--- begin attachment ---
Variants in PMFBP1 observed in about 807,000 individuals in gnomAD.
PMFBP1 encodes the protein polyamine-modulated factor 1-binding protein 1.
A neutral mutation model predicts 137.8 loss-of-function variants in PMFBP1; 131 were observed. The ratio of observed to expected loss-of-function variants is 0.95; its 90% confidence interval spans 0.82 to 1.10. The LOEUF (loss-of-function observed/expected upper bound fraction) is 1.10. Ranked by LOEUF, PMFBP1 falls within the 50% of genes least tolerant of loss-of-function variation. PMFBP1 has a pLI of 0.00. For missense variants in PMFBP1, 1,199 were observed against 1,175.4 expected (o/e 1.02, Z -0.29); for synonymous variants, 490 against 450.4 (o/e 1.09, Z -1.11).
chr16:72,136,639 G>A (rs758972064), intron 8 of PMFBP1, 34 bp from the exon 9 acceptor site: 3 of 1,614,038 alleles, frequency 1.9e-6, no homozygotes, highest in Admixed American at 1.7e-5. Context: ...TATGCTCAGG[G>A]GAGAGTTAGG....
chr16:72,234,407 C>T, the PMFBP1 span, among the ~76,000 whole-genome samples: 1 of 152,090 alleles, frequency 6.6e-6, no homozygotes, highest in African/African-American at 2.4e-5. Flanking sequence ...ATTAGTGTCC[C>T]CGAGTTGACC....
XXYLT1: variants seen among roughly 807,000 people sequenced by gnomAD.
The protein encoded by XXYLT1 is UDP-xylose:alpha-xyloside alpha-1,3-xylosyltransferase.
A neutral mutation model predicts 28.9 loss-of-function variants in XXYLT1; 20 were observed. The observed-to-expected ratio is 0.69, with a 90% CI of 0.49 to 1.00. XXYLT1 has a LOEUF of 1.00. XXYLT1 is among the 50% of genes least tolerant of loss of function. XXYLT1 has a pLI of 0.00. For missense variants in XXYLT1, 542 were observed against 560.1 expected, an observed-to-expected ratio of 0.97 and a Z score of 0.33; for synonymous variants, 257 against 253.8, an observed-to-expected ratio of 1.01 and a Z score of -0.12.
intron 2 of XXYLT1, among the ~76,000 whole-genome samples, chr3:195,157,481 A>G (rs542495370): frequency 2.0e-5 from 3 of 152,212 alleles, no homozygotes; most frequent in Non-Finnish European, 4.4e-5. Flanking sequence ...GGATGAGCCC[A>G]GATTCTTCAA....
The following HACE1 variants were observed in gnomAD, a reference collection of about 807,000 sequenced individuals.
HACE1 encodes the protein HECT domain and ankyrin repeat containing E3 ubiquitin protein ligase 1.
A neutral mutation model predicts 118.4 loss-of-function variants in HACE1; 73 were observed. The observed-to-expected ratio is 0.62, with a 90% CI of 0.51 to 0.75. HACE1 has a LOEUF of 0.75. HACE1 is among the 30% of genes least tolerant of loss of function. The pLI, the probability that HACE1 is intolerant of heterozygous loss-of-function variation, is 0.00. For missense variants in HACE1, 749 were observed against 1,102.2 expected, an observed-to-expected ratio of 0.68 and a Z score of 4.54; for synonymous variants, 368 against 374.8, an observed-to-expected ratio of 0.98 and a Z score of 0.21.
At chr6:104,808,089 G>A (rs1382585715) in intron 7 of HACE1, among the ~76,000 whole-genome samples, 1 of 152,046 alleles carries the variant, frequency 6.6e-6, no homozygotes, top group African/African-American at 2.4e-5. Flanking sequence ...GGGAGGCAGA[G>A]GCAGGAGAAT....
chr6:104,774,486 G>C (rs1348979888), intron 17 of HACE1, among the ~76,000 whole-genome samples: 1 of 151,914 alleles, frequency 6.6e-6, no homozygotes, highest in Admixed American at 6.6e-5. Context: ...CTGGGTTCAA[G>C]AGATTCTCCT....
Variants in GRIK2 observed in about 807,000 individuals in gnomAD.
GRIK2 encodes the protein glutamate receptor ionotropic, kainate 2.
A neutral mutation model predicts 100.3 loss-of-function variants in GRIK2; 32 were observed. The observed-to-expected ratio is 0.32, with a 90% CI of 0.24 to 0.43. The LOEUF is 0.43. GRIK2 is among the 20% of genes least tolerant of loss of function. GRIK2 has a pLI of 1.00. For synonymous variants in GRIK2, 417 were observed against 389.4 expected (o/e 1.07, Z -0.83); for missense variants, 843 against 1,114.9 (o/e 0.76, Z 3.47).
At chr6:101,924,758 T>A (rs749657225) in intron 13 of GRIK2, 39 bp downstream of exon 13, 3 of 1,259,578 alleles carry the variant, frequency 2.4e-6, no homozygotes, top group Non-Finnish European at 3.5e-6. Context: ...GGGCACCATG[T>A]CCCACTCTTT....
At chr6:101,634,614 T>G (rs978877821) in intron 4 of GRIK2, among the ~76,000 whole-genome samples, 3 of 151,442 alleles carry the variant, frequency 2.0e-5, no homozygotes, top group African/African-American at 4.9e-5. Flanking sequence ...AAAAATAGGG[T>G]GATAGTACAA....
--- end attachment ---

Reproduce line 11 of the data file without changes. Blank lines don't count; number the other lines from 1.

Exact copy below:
HACE1 encodes the protein HECT domain and ankyrin repeat containing E3 ubiquitin protein ligase 1.